Hawk waved to the reception waiting for him when still fifty yards away, pleased to see he was still welcomed as a friend. As he approached them, he scanned the faces, hoping to see Bloody Hand, but his friend was not among them. He crossed the river and dismounted to greet the gathering of smiling faces, obviously delighted to see him. "Hawk," Walking Owl exclaimed as he made his way through the pocket of mostly women and older men. "It has been a long time."
"Yes, it has," Hawk said. "I have been scoutin' for the army — against the Lakotas," he hastened to add. He looked around him. "I was hopin' to see Bloody Hand. Where is he?"
"Bloody Hand has gone to the north with the rest of the young men," Walking Owl answered. "They have heard that the white father in Washington wants to send all of the Blackfoot people to live on the reservation and they are not willing to go." The smile faded from his face for a moment and he said, "When I saw you, I thought you had come to tell us we must go. Is that why you have come?"
Seeing the concern in the old man's face, Hawk could not help a feeling of guilt for the mission he had been given by Major Brisbin. He had been sent specifically to persuade Walking Owl to bring his people onto the reservation. He could not, in good conscience, however, tell the old chief that his people would be well taken care of by the government. The few times he had been to a reservation, he had seen no sign of prosperity for the Indian. He had accepted the assignment because he wanted Walking Owl to receive an accurate picture of reservation life. Answering Walking Owl's question, he confessed, "I was sent here to persuade you that life would be much better for your people if you will lead them to the reservation. But I feel in my heart that your young men were right in leaving this territory and I wish the rest of your village had gone with them."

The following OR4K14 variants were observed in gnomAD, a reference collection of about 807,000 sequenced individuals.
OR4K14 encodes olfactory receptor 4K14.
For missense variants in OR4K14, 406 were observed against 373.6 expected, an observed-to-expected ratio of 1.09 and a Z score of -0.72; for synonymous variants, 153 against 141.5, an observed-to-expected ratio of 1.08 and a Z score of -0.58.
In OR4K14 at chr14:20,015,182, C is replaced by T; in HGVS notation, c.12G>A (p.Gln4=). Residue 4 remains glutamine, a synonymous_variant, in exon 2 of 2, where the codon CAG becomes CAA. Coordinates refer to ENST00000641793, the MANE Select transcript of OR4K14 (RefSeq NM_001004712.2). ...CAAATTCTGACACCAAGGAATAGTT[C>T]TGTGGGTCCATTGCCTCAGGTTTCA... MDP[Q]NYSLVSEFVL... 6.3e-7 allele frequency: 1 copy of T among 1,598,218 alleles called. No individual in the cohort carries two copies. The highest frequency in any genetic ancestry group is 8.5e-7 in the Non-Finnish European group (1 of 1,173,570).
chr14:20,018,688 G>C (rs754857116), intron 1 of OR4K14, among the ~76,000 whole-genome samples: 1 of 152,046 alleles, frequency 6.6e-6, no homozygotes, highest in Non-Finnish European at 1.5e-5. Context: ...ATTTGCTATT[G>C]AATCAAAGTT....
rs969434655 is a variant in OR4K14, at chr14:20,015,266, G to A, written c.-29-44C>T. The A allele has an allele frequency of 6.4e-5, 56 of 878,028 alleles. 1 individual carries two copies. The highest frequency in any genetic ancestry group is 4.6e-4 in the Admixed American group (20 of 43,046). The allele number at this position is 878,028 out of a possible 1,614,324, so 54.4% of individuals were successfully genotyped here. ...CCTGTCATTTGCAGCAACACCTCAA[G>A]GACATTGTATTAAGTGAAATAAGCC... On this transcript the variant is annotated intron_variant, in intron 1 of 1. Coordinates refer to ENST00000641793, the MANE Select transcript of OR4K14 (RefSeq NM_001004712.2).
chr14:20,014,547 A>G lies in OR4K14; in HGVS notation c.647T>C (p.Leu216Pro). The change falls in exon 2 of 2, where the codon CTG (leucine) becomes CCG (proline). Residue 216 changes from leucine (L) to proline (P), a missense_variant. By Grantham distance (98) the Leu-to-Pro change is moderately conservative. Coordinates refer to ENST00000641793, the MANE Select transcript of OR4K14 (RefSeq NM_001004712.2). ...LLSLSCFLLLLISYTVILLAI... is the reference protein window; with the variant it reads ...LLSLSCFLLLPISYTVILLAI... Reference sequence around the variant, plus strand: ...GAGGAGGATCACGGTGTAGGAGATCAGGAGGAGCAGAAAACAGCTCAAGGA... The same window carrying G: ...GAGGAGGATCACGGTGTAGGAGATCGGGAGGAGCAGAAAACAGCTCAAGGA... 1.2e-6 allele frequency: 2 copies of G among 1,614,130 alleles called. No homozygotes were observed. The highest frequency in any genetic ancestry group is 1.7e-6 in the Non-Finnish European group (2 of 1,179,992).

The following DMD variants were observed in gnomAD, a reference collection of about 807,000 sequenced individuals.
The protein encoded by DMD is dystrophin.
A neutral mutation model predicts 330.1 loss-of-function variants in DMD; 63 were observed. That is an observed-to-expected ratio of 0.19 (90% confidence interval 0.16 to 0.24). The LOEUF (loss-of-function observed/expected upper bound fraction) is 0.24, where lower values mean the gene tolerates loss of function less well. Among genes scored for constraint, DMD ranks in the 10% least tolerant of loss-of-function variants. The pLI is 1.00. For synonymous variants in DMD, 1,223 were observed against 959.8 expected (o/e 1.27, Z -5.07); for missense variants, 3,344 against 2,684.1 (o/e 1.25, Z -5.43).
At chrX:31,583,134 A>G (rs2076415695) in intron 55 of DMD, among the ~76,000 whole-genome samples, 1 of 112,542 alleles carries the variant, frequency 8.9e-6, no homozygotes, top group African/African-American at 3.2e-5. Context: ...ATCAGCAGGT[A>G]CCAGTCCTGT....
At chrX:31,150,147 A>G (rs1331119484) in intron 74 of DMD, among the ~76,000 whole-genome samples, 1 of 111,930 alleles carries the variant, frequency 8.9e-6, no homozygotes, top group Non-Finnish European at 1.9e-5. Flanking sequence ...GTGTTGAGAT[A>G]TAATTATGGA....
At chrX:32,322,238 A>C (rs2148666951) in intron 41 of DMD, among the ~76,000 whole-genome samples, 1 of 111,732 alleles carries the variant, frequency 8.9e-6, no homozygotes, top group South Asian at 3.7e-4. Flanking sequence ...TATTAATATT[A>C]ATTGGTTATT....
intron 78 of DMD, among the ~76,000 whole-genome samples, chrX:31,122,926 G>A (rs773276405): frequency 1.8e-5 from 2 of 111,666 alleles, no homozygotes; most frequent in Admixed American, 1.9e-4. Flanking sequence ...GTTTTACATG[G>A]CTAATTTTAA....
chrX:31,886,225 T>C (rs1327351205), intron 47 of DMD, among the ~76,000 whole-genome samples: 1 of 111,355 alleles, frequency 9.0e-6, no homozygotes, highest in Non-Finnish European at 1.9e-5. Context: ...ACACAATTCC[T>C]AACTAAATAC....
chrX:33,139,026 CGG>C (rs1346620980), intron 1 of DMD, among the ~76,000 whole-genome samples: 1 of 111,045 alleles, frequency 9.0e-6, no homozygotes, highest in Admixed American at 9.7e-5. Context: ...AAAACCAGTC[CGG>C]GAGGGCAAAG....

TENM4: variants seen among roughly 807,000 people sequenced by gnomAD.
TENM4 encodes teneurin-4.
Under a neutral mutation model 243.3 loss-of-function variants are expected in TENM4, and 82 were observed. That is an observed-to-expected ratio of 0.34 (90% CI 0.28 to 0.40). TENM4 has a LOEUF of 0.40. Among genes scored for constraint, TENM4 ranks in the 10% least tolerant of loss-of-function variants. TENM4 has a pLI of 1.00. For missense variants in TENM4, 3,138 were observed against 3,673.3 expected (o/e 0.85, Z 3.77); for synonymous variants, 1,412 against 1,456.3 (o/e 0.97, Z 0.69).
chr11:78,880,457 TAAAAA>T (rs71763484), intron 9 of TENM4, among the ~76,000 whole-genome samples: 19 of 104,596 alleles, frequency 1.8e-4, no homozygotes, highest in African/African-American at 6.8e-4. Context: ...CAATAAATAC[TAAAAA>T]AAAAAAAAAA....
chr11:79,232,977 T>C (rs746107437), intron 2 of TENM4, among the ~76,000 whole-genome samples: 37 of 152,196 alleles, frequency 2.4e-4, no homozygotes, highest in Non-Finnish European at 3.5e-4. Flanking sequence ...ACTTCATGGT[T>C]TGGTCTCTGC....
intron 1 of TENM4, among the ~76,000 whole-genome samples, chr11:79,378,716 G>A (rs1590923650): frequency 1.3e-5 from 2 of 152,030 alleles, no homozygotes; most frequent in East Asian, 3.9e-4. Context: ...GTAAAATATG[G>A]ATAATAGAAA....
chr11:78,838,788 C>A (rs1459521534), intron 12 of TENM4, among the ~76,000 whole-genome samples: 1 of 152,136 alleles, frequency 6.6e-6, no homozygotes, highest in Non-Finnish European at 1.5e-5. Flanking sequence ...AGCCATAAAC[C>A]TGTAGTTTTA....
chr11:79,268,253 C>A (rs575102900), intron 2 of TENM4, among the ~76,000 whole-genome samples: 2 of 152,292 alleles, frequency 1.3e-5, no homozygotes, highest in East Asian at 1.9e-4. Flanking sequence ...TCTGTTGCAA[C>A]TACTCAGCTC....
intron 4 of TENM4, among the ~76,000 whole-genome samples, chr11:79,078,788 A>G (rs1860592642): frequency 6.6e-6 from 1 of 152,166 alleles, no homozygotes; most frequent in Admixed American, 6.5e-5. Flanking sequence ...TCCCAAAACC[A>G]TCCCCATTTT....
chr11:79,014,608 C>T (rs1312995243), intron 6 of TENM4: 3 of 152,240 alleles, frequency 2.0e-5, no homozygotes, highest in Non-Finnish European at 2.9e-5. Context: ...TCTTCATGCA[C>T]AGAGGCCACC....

"We talked about it," Walking Owl said. "But we decided that the older people would slow the young ones down, so we did not go with them. We decided we would not go to the reservation, either. There are still some of us who can hunt, so we will do the best we can."
"The farther north you go, the better off you'll be," Hawk advised. "The army has all it can do to fight the Sioux and, right now, they don't have enough troops to mount a large-scale campaign against the Blackfoot. I think you're doin' the right thing."
"My heart is glad to hear you say that," Walking Owl said. "Come now and we will smoke a pipe while the women cook something for us to eat."
"I brought some things with me, gifts from the army," Hawk replied, and nodded toward his packhorse. "They sent you some flour, some coffee, sugar, and some salt pork. I was also lucky enough to run up on half a dozen deer waterin' at the river this mornin'. I managed to get a shot at one, so the women can cook that if you want." His proposal was met with eager smiles from those close enough to have heard. It told him what he had already suspected — the village was short of food. They were sorely missing the young men who had done most of the hunting, and it appeared that the older hunters had not had much luck. He thought about what he had told Major Brisbin before he left, that he would most likely spend some days in the village. When he said it, he was thinking that he would spend the extra days with his friend Bloody Hand, maybe riding up into the mountains to hunt again. Finding the village without the young men, however, he decided he should take the time to hunt on his own to help a little.
* * *